I agree wholeheartedly with the very last portion of your comment:

"It is all so frustrating…and as the red-tape rolls on and on..people continue to sleep in the streets of the richest country on Earth.

Someone please justify this for me."

There is no way to justify the numbers of homeless all across the nation. There is no way to justify not having programs to provide them a way to become housed and repatriated back into the community.

That there are homeless in our country is indefensible.

But at the end of the day, we are a nation of laws.

The building and safety codes are there to protect folks. Moreover, they were in place long before Mr. De Vaul began housing the homeless on his ranch.

And, whether you accept it or not, they too are based on some sense of moral obligation. Nor should they be cast aside lightly and ignored just because someone deems them to be inconvenient.

Let us not forget, or attempt to confuse the issue. It was not Mr. De Vaul’s sense of morality which was brought to trial. It was his violation of local safety and building codes.

I don’t question Mr. De Vaul’s convictions that he has a moral obligation to help the homeless.

I’m of the opinion that all of us are morally obligated to reach out to our fellow man and offer a helping hand.

Personally, I think that what Mr. De Vaul is trying to do is a good thing. All the same, I also believe that he has gone about it the wrong way.

The ends do not justify the means.

If indeed you care about the homeless as much as you seem to, then perhaps you can find a way of mediating between Mr. De Vaul and the county; a way of helping to heal the polarizing effects this ongoing battle has had on the overall community.

As long as the community is at odds with one another regarding this issue, it is the homeless who will suffer because they are the ones who are caught in the crossfire.

Best Regards,

– michael –
SLO Homeless


P.S. – Mr. Lombardini, feel free to comment on anything I’ve written. However, please follow proper etiquette regarding brevity. Also, be aware that I will not tolerate any further equivocations, pontificating – or propaganda.

– m –

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Comments
  1. David Sasha says:

    Thanks for the work you do on this blog. It’s a great resource. Forgive the reply if it comes on a bit embellished. I’d like to make a point about the conundrum which others may find useful.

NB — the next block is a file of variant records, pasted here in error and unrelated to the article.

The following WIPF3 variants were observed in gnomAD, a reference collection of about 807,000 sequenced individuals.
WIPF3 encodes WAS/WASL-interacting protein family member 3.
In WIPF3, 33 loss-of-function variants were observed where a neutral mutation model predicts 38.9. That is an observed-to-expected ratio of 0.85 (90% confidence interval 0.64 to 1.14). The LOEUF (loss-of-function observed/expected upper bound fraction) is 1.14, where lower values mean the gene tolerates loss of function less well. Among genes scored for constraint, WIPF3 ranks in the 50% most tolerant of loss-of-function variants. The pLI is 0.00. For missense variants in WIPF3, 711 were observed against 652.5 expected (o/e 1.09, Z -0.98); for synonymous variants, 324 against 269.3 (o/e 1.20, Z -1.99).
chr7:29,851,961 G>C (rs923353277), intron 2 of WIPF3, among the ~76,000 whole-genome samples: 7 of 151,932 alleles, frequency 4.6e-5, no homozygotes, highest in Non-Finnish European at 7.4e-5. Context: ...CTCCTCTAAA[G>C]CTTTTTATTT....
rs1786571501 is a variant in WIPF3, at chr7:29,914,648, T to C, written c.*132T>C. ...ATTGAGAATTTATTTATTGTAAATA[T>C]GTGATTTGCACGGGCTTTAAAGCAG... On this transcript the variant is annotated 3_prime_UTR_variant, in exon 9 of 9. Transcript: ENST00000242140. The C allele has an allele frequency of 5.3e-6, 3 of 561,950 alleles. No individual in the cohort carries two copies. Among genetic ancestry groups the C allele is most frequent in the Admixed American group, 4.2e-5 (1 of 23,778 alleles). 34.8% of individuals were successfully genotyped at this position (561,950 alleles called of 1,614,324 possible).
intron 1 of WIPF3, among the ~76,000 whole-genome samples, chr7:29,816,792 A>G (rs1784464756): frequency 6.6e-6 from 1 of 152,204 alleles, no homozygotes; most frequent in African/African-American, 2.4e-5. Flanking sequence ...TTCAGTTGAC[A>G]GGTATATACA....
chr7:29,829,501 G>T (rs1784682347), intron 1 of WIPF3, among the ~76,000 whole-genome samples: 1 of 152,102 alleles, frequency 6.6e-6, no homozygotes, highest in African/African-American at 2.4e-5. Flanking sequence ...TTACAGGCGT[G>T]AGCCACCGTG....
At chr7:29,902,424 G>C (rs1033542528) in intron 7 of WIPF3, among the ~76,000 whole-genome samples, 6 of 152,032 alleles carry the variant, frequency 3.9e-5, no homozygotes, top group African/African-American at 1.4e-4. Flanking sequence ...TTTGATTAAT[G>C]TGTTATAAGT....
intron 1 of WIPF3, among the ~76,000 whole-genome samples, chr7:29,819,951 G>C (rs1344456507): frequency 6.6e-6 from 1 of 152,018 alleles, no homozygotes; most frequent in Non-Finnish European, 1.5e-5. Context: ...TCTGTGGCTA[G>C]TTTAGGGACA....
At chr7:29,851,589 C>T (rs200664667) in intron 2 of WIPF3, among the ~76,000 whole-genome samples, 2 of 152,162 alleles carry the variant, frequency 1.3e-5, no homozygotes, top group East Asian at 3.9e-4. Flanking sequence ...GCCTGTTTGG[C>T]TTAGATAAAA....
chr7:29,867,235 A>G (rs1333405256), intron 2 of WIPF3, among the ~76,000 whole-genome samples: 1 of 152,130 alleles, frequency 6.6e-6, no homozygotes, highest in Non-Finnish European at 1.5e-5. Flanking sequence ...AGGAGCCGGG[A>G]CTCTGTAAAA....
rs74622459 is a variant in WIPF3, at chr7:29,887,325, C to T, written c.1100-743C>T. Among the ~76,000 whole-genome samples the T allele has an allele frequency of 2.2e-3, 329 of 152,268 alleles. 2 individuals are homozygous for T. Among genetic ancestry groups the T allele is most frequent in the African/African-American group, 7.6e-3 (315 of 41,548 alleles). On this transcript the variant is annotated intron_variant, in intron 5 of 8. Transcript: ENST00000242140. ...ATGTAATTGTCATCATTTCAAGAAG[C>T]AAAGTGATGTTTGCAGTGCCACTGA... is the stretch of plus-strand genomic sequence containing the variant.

History of law has shown that there is frequently a meaningful correlation with the number of laws a country has and the proportion of those laws which prevent disenfranchised from justice, resources and therefore ultimately equality. One of the direct manifestations of this legal relationship is that that laws designed to ostensibly protect that majority, are instead used against them. The reason we oft hear given is the wholesale parental admonition: “it’s for your own good.” The irony is so ironic, it’s full circle not irony anymore.

    And the actual real legal reasons offered (precedent or not) are often petty, technocratic, hermetically sealed rules, backed by blanket rubber-stamp logical fallacies we have heard ad nauseum from “helpless” policymakers dutifully extracting their pound of flesh.

    My point is, perhaps when our highly regarded laws resonate rigidity, and where both sides are fundless, and when there is a clear, pressing human need and when due process only expedites failure, but government is unwilling or unable to steer the apparatus of state in any meaningful way, but instead inflames matters, then civil disobedience is indicated. To do less is status quo or in ethical terms, negligent.

    In fact, some people have only the clothes on their back and their Self on this planet to effect that change. And it is that moral conscience which overrides limiting laws. I’m reminded of little known scantily clad rulebreakers like Ghandi, Mandela, the Dalai Lama and Jesus Christ.